It’s safe to say that the triteness of the phrase “Where there’s a will, there’s a way” does nothing to decrease its validity. It certainly is a timeless truth that whenever you truly believe in something, you’re sure to find a way to achieve it.
This seemed to ring no truer for me than when I recently joined a group of students and teachers from seven different high schools for a charity car wash on Geer Road in Turlock. Though the temperatures reached sweltering highs, we were determined to spend the Saturday washing and drying cars for donations to help fund the lifesaving efforts of the Pediatric Trauma Program.
The Pediatric Trauma Program, founded in 1994 by the Kiwanis California-Nevada-Hawaii Foundation, seeks to reduce the number of children under the age of 14 who are harmed or killed by unintentional injuries. The program accomplishes this by providing much-needed grant funding to partner children’s hospitals in Oakland, San Diego, Madera, Loma Linda, Reno, and Honolulu. This funding is then allocated for necessary equipment and the appropriate training of medical personnel in order to deal with child injury cases.
I can say with much gratitude that our car-washing efforts that Saturday culminated in the raising of over $600, thanks to the multitude of Turlockers who came by and generously showed their support. The day was gratifying in knowing that a community could come together to make such a positive difference, but it’s also prompted me to ponder quite a bit about the subject of the program itself.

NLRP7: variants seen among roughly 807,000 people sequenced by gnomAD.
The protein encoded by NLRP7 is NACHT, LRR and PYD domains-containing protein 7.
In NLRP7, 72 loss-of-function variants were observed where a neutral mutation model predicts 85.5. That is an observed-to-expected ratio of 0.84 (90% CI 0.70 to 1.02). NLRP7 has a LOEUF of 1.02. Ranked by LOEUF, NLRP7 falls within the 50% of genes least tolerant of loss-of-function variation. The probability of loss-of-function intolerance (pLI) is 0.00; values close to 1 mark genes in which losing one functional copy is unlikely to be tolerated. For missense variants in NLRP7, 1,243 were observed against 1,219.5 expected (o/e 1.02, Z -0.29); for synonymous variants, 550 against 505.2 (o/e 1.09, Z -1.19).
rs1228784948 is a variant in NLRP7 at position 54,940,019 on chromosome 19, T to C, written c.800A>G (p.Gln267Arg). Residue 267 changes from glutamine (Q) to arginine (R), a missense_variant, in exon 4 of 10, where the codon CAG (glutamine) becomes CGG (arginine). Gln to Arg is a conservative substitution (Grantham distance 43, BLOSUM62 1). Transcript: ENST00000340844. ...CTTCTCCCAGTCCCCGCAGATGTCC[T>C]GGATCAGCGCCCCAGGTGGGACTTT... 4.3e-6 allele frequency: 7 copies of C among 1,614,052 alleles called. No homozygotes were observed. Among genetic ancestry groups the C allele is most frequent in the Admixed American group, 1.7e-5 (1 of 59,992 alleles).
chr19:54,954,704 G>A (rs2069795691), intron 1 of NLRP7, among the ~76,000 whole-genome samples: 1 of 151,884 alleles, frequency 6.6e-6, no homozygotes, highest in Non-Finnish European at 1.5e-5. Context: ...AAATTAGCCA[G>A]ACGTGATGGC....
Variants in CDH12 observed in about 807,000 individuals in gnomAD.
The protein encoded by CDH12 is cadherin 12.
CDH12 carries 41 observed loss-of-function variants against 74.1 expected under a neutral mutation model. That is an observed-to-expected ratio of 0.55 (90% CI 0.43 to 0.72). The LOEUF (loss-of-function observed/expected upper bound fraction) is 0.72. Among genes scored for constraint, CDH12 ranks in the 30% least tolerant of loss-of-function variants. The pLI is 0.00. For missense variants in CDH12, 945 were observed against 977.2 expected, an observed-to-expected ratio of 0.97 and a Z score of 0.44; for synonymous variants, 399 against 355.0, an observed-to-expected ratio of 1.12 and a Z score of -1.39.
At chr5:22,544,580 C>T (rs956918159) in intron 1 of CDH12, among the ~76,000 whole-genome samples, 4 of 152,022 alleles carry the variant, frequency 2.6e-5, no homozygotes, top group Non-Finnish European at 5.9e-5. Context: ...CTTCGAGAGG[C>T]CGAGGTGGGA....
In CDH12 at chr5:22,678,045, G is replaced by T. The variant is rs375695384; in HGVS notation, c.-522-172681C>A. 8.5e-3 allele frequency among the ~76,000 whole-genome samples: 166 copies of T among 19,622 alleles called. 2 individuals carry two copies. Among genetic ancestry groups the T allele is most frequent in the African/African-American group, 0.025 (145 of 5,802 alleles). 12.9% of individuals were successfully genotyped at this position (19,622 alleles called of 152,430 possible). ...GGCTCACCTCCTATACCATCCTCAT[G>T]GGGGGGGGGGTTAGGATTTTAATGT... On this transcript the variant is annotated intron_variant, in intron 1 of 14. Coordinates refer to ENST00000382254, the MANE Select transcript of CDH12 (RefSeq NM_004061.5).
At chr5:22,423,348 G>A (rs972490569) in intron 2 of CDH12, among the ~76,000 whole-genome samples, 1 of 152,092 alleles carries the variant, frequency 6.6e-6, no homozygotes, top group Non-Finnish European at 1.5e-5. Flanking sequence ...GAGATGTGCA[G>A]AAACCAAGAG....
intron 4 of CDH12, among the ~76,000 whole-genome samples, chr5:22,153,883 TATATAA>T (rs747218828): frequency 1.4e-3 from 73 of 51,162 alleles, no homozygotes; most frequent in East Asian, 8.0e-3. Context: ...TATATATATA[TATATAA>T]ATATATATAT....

After all, according to a Centers for Disease Control and Prevention initiative called Protect the Ones You Love, injuries are the primary cause of death for individuals ages 19 and under, and in the U.S. annual costs for the unintentional portion of those injuries amount to almost $11.5 billion.
Many of these unintentional injuries are in the categories of falls, sports injuries, burns, or road traffic injuries. It’s the larger lesson behind them, however, that I find the most thought-provoking. The fact that an estimated 90% of the injuries are preventable serves as a meaningful eye-opener about safety on a daily basis, and there are lessons to be found in this that I think in a way can be extrapolated to apply to any age group.
After all, considering that we live in a society where science and engineering have made incredible advances, how often do we really think about taking advantage of the myriad safety features we have access to? Small precautions, like putting on a helmet or clicking in a seatbelt, may sometimes seem trivial in the moment, but they can certainly make a world of difference when it comes to a matter of safety for ourselves and loved ones.
Granted, it may not always be convenient, and situations can take unexpected turns. But I feel that making it a habit to take appropriate safety measures as they present themselves in daily circumstances take just a few moments out of one’s busy schedule and can truly mean the fine line between life and grievous harm.
My fellow high-schoolers and I will continue to hold carwashes to raise funds for PTP on a regular basis throughout the year, rotating locations around this area. (The next one will be taking place on July 20 by Livingston City Hall, 1416 C St.) In the meantime, as we journey through daily life, I think it’s worthwhile for Turlockers to give new consideration to exercising care and caution in order to keep ourselves safe and secure.
— Henna Hundal is a high school student and resident of Turlock. She writes a monthly column on matters related to youth and society.